All About Albums | Save Your Photos Month

This entry is a part of a series celebrating of September’s Save Your Photos Month. Stay tuned for more!

As photography began to take off as an industry in the 1860s, people began to accumulate collections of images of families and friends. The photograph album was introduced as a way to store and present them. Albums were often organized as gifts, to document a specific event, or just a way to remember family.

Early Versions

The first commercial photo albums arrived in the 1860s and were designed to hold carte de visites and tintypes. Usually small, bound in covers made of tooled leather over wood, the albums often included a front listing page for identifying images. Each page was designed to hold two images, back to back, in a paper sleeve.

When cabinet cards were introduced in the 1870s, albums expanded in size and became more decorative. Covers came in leather, suede, or velvet and trimmed with ornate metal script or clasps. Pages now held multiple images.

Personal Touch

When photography became a personal endeavor in the early 1900s, so too did creating photograph albums. The next incarnation of the photograph album was constructed of loose leaves of black paper, bound with thinner covers. Snapshots could be glued directly to the page or affixed with adhesive mounting corners. Photos could be arranged in any fashion and pages now allowed for writing details about images.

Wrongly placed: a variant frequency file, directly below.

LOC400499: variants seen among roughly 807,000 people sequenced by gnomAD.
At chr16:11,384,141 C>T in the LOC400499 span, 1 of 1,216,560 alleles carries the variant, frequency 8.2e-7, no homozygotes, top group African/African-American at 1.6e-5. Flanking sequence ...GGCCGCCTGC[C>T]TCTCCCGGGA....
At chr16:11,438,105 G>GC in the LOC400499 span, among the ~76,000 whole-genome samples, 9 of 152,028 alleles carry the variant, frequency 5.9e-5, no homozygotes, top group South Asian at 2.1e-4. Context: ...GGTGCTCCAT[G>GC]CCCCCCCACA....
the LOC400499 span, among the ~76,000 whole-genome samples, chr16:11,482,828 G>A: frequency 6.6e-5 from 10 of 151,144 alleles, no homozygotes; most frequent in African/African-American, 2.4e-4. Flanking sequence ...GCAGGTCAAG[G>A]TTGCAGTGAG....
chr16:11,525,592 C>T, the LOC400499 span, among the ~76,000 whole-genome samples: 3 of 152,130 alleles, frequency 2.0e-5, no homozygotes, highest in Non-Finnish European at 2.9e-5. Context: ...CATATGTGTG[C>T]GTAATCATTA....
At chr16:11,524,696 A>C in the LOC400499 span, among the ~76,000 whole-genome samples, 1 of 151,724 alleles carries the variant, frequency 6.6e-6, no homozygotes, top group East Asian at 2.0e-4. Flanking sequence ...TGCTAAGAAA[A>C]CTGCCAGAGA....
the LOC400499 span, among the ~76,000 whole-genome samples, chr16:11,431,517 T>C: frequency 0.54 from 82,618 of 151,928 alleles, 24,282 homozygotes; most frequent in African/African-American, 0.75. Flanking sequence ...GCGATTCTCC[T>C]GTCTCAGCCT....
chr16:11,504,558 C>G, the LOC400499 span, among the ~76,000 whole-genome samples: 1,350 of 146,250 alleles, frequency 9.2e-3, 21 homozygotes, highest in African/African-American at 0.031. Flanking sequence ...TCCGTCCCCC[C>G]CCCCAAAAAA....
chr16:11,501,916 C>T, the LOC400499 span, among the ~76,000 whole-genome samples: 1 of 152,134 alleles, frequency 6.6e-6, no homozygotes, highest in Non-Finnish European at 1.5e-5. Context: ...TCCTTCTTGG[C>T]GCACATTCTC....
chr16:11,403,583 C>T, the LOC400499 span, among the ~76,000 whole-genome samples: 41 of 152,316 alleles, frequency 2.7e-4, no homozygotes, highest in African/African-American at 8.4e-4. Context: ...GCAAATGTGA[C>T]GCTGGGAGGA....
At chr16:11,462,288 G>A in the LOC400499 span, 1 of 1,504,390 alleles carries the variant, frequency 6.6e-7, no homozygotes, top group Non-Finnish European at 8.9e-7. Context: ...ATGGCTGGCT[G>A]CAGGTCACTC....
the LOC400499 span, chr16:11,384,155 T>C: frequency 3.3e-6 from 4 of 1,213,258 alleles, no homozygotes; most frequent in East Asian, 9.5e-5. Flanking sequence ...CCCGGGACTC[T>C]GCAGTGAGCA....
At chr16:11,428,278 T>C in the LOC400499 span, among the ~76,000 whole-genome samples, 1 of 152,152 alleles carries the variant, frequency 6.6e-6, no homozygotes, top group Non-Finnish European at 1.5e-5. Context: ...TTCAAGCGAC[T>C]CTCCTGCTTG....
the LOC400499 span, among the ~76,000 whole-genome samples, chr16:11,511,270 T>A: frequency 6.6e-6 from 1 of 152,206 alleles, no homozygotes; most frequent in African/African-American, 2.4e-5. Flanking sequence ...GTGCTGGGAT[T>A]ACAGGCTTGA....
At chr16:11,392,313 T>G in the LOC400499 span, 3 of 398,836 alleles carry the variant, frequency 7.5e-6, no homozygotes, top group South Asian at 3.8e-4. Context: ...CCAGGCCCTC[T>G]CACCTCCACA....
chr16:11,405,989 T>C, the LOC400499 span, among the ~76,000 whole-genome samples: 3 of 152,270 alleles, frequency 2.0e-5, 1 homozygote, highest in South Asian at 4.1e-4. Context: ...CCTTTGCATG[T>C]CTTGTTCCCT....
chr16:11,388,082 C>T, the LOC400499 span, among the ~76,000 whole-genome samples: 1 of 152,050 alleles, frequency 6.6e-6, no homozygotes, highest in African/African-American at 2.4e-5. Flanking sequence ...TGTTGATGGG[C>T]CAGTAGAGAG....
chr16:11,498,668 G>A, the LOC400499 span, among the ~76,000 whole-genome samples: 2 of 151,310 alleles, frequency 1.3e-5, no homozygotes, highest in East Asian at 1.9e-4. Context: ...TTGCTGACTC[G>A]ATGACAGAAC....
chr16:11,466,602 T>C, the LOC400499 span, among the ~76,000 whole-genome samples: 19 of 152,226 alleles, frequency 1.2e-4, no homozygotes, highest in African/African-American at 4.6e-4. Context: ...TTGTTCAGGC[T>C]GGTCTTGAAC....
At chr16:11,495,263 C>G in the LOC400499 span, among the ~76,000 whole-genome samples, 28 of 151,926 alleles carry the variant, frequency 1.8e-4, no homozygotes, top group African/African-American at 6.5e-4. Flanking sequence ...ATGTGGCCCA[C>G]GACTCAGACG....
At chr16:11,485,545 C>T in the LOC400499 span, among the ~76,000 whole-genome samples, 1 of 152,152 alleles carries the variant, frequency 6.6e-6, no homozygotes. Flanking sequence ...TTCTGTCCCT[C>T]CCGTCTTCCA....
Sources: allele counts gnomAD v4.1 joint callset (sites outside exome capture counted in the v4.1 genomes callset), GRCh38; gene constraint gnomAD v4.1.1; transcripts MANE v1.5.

Stuck On You

Magnetic photo albums debuted in the 1960s, though calling them magnetic is somewhat of a misnomer. These albums are made of pages covered with an adhesive to keep photos in place. While this seems like a good idea, the adhesive had various negative effects. The glue either dried out and photos became loose, or photos stuck permanently. Neither was particularly beneficial to photographs.

Preservation Tips & Tricks

Context is everything when preserving old photo albums. The order in which an album was put together meant something to the creator and may give you clues about the photographs if they’re not identified. If at all possible, keep old albums in their original order. It’s okay to remove loose photos, but make a note of where they came from.

The older Victorian albums – for carte de visites, tintypes, and cabinet cards – usually withstand the ravages of time. The leather or fabric covers may wear, but the pages stay well intact. The black paper albums of the early 20th century are more fragile, while the glue from magnetic albums can damage photographs. And, as with all old photographs, keep albums in a safe, climate controlled environment.

From PhotoBlog